Reducing the Costs of Evictions in Social Housing

// HA News

UK government figures reveal that in 2016 a total of 19,601 tenants were evicted by UK social landlords, equating to 1633 tenants each month. In England and Wales alone, 79,000 claims for possession were lodged with the courts, 60% of which were from the social sector (source Ministry of Justice). In court fees alone, this resulted in a hefty spend of £28m.

With homelessness acceptances in England increasing to 59,250 last year (source: Homeless Link), with over 116,000 presentations, one of the UK’s leading housing and support services companies believes that social landlords approach to sanctions against tenants can play a pivotal role in prevention, while at the same time significantly reducing spiralling escalation and possession costs.

East London based Just Housing Group has spotlighted the fact that there is currently no evidence available in the social housing sector that accurately portrays the true cost of evictions.

Anna O’Halloran, Just Housing Group’s MD, suggests it is generally assumed that the majority of possession claims, and therefore evictions, are for rent arrears – however there is no current data to prove this.

Anna said: “It is inevitable that rent arrears are only likely to get worse with welfare reforms – including Universal Credit, benefit caps and LHA reforms - placing a significant squeeze on personal incomes. This will only further increase stresses faced by social landlords for effective income collection methods.

“It is disconcerting that the sector does not have any evidence to fully understand the scope of reasoning behind claims and evictions. Intuitively, rent arrears would appear to be the main cause, however anecdotal assumption is not good enough to establish a sensible foundation for a resilient challenge to existing practices.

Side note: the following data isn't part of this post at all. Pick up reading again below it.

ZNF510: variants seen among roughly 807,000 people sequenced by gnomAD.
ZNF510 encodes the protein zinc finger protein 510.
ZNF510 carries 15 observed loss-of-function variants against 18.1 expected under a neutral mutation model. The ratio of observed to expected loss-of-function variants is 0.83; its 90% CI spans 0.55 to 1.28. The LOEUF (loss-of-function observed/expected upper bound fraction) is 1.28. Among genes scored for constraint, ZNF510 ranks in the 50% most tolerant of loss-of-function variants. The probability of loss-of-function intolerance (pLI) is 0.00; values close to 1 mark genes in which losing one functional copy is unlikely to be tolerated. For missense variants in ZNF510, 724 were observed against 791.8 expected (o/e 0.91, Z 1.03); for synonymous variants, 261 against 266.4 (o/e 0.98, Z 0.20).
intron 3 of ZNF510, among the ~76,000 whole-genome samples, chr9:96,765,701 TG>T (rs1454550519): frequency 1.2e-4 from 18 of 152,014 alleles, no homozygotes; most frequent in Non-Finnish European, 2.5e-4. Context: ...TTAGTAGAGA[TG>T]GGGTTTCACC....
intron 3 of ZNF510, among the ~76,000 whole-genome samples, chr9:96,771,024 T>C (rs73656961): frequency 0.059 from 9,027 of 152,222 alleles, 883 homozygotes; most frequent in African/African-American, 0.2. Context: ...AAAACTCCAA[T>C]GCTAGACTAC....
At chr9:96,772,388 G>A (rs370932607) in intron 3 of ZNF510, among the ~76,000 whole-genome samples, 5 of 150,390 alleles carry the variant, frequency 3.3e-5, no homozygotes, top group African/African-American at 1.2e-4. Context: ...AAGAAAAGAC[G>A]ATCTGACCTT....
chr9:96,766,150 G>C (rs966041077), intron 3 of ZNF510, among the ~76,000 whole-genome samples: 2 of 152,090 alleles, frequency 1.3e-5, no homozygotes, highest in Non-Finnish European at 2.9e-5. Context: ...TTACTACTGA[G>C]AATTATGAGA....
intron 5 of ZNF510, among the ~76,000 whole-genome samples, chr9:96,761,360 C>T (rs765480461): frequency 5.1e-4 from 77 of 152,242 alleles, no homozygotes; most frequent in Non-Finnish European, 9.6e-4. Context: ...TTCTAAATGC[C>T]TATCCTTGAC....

“Social landlords are likely to be managing around 60% of their tenants who are in breach of tenancy to some extent. And although landlords build in timescales to facilitate escalation procedures, the cost and value in proceeding with eviction, from issuing notices right through to potential court proceedings, is not considered, neither is the cost to the public purse’.

Senior associate of JHG, Barry Marlow, draws upon a report published by Shelter Cymru highlighting the impact of its social landlord evictions in 2015 on families in Wales. From 914 evictions – including 500 children being made homeless - the cost to the Welsh economy was reported at £24.3 million (26,600 for each eviction) and £7.5 million (assuming an average of £8,200 for each eviction) to social landlords.

Although practices are in place to notify local authorities in advance of possession proceedings, Barry suggests that the evidence of whether this is happening is not available. In 2015, a total of 57,750 households were accepted by councils as homeless, with a duty to assist.

Barry said: “The evidence currently available is not enough to determine whether the actions of social landlords in repossessing tenancies provide a net contribution to homeless acceptances, temporary accommodation and the scope for housing options. We strongly believe that the gap in knowledge, underpinned by concrete evidence, needs to be significantly reduced in order to properly analyse the impact of extremely costly eviction activity by social landlords.”

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